A Trip to Findlay Market
I wake up early and breathe in damp morning air through the open bedroom window. The sun is up, speckling leaves with a cool pale light as I lace up my Addidas for a quiet run. The air has a chilly bite that feels invigorating, but it's obvious that the sun will rapidly heat the earth today. I end my run, breathing deeply and wiping sweat from my eyes. A cup of coffee and a breakfast of fruit and toast occupies the next 30 minutes of my day, perhaps while reading the latest Martha Stewart Living or Better Homes and Gardens. The birds are active, flitting between branches and calling to each other in gorgeous sing-song.
I make a list of items I should look for, things that I think I need, but leave plenty of room for those that I don't know are necessary until I lay eyes on them, at which point it becomes painfully obvious that I couldn't possibly cook without them. Maybe a shining, deep purple eggplant, or a freshly butchered, thickly cut lamb chop. I wash the salty sweat from my face, pull my ponytail through a baseball cap, and grab an empty canvas bag that is begging to be stuffed with fresh groceries. In a moment I'll be off to Findlay Market.
Vibrant colors greet me as I approach the outer stalls of the market. Glistening red tomatos, violet red onion skins, deep green spinach leaves, soft, fuzzy yellow-orange peaches. There is already a noisy bustle about the place as shop owners and street vendors interact with market-goers. Out of habit, I circle the whole market once before deciding what to buy, lingering over the cheese counter for a little too long and taking note of which vendors have the ugliest (read: best tasting) tomatoes. I select a loaf of bread to buy first, knowing that Blue Oven Bakery typically sells out quickly. I'm handed the loaf and I bring it to my face, inhaling deeply and filling my head with the smell of salt and yeast and flour. I think about taking a huge bite then and there, but restrain myself in the interest of appearing normal. I slide the bread into my canvas bag and move down the line, passing stalls that sell honey, woven baskets and bath soaps.
I'm shopping with abandon, inspired by the sights and smells of this city market. There is something magical about a place like Findlay Market, where you buy meat from a butcher, fish from the monger, spices from the spice merchant. These people are intimately familiar with their products and dedicated to their craft. I feel transported to provincial France or the Tuscan hills, where the purpose of life is obvious and simple: community and food. I buy fresh leaves of romaine dewey with water, and deep pink radishes with dirt still clinging to their tiny roots. I buy a whole fish and receive detailed instructions from the vendor on how to prepare it on the grill for tonight's dinner. A giant block of salty feta cheese beckons to me, begging to be crumbled atop my newly acquired bread and topped with the afore mentioned radishes. And then there's the possibility of dessert, maybe some beautiful chocolate truffles served with coffee after dinner? Or some homemade baklava? I mull over the options while sipping on an iced coffee from Maverick Chocolate, newly surprised with every sip at it's deep mocha flavor.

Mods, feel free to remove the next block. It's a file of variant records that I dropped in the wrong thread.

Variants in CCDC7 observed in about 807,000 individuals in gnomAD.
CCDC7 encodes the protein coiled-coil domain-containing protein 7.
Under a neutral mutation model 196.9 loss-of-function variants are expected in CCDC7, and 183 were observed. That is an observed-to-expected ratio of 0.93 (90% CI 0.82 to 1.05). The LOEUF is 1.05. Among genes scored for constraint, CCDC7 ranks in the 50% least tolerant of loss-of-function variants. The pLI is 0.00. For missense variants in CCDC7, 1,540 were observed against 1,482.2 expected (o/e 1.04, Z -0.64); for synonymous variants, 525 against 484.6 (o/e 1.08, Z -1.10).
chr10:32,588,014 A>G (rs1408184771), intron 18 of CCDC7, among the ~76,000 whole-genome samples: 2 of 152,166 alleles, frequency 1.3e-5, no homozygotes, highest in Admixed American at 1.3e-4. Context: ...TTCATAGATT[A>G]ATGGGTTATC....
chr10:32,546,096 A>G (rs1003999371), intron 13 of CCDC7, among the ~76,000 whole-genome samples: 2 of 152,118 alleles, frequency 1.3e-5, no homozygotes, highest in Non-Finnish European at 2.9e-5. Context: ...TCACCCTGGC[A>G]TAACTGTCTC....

I become acutely aware that I am exceptionally hungry, and realize that it is nearly time for lunch. I call home and take orders for takeout, most of them being for juicy pulled pork sandwiches and spicy jalepeno cornbread from Eli's Barbeque. I decide on something different to satisfy a craving that came about while contemplating the baklava: a salty, crispy dose of shaved lamb meat atop a pillowy pita and doused in cool tzatziki sauce. I order my gyro from Areti's Gyros and get the baklava to go. Before picking up the barbeque, I find an empty cafe table outside (an increasingly difficult thing to do as the market becomes more crowded) and devour my gyro, sipping cautiously from my coffee, trying to ensure I don't run out before I finish my lunch. The sound of a violin being played wafts through the air and is layered on top of the sounds of a person singing and playing the guitar on the opposite side of the market. As I finish my meal, I take a moment to look around and soak in the bustling scene, and smile in appreciation for the small miracles of everyday life. Miracles like a cloudless sky, a freshly baked loaf of bread, and a beautiful market in Cincinnati.
When I think about what my perfect day would be, this would be it (or at least the morning portion). However, this story is fiction, but why? It most certainly doesn't have to be! I have the ability to do all those things on almost any given day during the summer, and yet I never seem to have the time. I think this is the case with a lot of people; we believe we don't have time to live our dream, or be the person we want to be (the best version of ourselves). I'm going to make it more of a priority to live my "perfect day" as often as I can. When I examine my daily habits, there is so much room for improvement. Do I need to spend precious minutes looking at Facebook? Or how about watching the same episode of Love It Or List It over again? Should I have pressed snooze 3 times? I'm all for taking a moment to relax, but I think sometimes I "reward" myself for completing small tasks a little too often. "Oh, I washed the dishes today and paid the bills online. I think I'll take a nap while Netflix plays in the background." As I get older I am realizing that my time is more precious than that.
If anyone is reading this, I encourage you to dream up your own "perfect" day and make an effort to make it real. It doesn't have to be anything extravagant, just one of those days where you fill your time with activities that make your heart feel full.
These pictures were taken at Findlay Market, one of my favorites places here in Cincinnati.